P.S. if learning more about bump stop materials and shapes is interesting to you... there is a ton of information in the motorsports world about this, specifically stock class autocross racing. Many times when you can't change the shocks bodies and springs out, the only mechanic you are left with is internal valving and bump stop bumpers. I spent a ton of my early motorsports career learning what length, shape and density worked best for the ride heights I was running on my stock class miata.

    example - Automotive Suspension Experts | Fat Cat Motorsports, Inc. | Bump stop application guide

  7. #7
    mtbr member
    Reputation: Dougal's Avatar
    Join Date
    Jan 2004
    Posts
    7,350
    Consider that virtually all air-shocks rely on a ~2.5mm thick rubber o-ring for a bottom-out stop. Coil shocks are running ~10-20mm thick foam bumpers.

    The vast majority of riders do not bottom their shocks out hard with the above bumpers.

    You don't want bottom-out control to engage too early or it destroys your mid-stroke response. But you also need a certain amount of stroke for it to fit and work.

    In a fork you have a lot of stroke to use, so having the last 20mm or so working in hydraulic bottom-out works quite nicely (20/160 = 12.5% of the stroke) and gives you lots of room to make it engage, then ramp up and go through several stages.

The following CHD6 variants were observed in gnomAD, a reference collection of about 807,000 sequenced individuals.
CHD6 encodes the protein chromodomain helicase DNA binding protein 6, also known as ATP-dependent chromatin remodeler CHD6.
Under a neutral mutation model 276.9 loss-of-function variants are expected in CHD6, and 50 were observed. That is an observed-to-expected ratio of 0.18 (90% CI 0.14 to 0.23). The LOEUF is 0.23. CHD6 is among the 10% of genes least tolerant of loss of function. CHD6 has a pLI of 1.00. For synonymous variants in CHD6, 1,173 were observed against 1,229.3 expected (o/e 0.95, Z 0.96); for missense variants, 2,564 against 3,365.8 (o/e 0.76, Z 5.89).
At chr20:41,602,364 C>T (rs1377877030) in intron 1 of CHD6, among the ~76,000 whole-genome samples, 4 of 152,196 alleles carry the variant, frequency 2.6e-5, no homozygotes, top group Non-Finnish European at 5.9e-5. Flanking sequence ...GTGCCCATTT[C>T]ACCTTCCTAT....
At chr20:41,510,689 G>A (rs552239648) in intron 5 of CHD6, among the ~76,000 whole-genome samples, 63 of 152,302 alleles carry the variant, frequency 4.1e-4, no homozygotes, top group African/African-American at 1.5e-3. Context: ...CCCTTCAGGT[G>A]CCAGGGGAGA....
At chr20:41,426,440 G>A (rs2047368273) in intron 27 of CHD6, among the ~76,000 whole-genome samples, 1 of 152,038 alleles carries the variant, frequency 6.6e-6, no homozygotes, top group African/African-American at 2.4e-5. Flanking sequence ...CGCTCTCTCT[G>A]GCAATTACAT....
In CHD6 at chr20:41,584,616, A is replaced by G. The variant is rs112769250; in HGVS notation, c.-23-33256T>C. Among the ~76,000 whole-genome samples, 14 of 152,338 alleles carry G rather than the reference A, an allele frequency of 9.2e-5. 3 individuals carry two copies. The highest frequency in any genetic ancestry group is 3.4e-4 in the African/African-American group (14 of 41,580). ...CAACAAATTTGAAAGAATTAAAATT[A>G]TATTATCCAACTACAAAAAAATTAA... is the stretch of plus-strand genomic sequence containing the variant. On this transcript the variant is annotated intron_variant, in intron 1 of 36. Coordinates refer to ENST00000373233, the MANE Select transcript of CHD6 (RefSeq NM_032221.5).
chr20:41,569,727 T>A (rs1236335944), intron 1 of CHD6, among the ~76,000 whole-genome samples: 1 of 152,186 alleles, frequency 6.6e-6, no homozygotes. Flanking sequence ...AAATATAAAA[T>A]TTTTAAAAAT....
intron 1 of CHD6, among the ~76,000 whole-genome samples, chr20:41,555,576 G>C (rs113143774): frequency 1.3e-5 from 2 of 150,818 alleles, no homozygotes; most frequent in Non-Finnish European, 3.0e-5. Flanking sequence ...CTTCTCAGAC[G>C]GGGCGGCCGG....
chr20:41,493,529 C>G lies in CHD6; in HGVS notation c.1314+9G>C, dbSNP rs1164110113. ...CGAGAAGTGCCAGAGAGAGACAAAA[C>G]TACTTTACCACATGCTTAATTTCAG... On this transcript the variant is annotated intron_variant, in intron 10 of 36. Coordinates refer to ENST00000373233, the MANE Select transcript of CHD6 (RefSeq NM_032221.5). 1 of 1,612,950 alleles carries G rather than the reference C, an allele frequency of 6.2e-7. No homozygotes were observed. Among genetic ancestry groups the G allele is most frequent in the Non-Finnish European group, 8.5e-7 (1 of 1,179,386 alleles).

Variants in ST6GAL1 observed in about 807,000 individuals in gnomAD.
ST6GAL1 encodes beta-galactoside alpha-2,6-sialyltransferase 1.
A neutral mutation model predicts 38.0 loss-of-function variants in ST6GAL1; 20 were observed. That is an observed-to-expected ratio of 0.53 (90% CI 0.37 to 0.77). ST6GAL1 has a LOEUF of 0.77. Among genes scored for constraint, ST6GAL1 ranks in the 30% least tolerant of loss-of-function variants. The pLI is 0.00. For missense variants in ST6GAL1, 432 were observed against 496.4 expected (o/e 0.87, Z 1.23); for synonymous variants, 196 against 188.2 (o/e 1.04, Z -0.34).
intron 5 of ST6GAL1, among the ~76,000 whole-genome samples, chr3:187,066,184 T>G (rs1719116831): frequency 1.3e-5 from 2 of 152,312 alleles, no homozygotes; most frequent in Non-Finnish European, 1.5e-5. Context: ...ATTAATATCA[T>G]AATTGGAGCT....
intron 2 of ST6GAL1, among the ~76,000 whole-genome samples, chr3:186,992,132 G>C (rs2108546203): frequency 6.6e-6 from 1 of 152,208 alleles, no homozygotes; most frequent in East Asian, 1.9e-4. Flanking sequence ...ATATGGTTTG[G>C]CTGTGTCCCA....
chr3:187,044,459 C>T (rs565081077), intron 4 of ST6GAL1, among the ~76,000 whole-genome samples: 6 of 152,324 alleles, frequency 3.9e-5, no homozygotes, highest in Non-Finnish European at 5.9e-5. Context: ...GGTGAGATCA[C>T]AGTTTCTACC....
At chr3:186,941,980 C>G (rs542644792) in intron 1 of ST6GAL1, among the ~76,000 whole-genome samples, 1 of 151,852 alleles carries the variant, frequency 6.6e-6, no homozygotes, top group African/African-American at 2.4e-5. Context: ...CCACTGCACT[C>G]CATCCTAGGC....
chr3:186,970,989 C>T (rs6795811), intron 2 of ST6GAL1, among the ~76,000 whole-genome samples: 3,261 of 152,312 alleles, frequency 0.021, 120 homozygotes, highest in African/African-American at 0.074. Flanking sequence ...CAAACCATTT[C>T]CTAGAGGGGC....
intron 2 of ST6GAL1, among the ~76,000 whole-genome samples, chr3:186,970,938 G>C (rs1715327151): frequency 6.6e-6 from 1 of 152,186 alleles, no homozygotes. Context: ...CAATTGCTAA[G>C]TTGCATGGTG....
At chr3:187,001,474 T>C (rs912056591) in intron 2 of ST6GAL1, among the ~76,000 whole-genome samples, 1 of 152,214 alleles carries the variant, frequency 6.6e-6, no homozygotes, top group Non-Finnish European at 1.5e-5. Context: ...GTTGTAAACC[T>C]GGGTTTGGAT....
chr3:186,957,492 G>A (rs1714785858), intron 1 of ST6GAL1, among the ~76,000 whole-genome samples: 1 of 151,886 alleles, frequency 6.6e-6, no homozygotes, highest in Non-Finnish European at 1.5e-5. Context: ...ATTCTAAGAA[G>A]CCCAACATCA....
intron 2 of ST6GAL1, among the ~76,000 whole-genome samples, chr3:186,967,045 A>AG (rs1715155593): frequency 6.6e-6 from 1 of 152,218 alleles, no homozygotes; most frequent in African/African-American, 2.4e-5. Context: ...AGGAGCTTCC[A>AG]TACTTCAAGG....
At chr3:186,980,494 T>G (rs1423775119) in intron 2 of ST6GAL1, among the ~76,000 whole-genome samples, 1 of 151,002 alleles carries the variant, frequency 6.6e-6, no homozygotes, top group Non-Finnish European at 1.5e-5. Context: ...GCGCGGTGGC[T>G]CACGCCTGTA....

In a shock with ~50-60mm of stroke you're down to 5-7mm. Trying to fit several stages of bleed off into 5-7mm is pretty ugly. Let alone trying to get a nice lead-in and progression into it.
    Owner of www.shockcraft.co.nz, Mech Engineer, Tuner, Manitou, Motorex, Vorsprung EPTC, SKF, Enduro
    www.dougal.co.nz

  8. #8
    mtbr member
    Reputation:
    Join Date
    Dec 2006
    Posts
    912
    Quote Originally Posted by minimusprime View Post
    A lot of time and engineering goes into bump stop specification and shape on coil over suspension systems. This is true for cars and motorcycles but also bicycles. Arguably, a properly specified bump stop is going to be a more simple to use and cheaper to implement setup then an HBO setup.

    Obviously, the folks at EXT know what they are doing, but so do the folks at push. From the position of needing to fit several frames and shock sizes, it's a safer bet to use a closed cell foam that's specified to add the progressiveness and bottom out resistance characteristics that you want.

    It is very inconvenient to utilize this sort of system in a fork, but very convenient to use this sort of system in a shock. This is why you will always see more physical bump stop bumpers then HBO systems in rear shocks.

    TLDR, don't under estimate the thought that goes into that little foam puck on your coil shocks. Also, take note that when you buy a DHX, you're getting one choice of bottom out bumper, which is another reason to go with something like the 11/6 over an off the shelf aftermarket shock.

    P.S. if learning more about bump stop materials and shapes is interesting to you... there is a ton of information in the motorsports world about this, specifically stock class autocross racing. Many times when you can't change the shocks bodies and springs out, the only mechanic you are left with is internal valving and bump stop bumpers. I spent a ton of my early motorsports career learning what length, shape and density worked best for the ride heights I was running on my stock class miata.

    example - Automotive Suspension Experts | Fat Cat Motorsports, Inc. | Bump stop application guide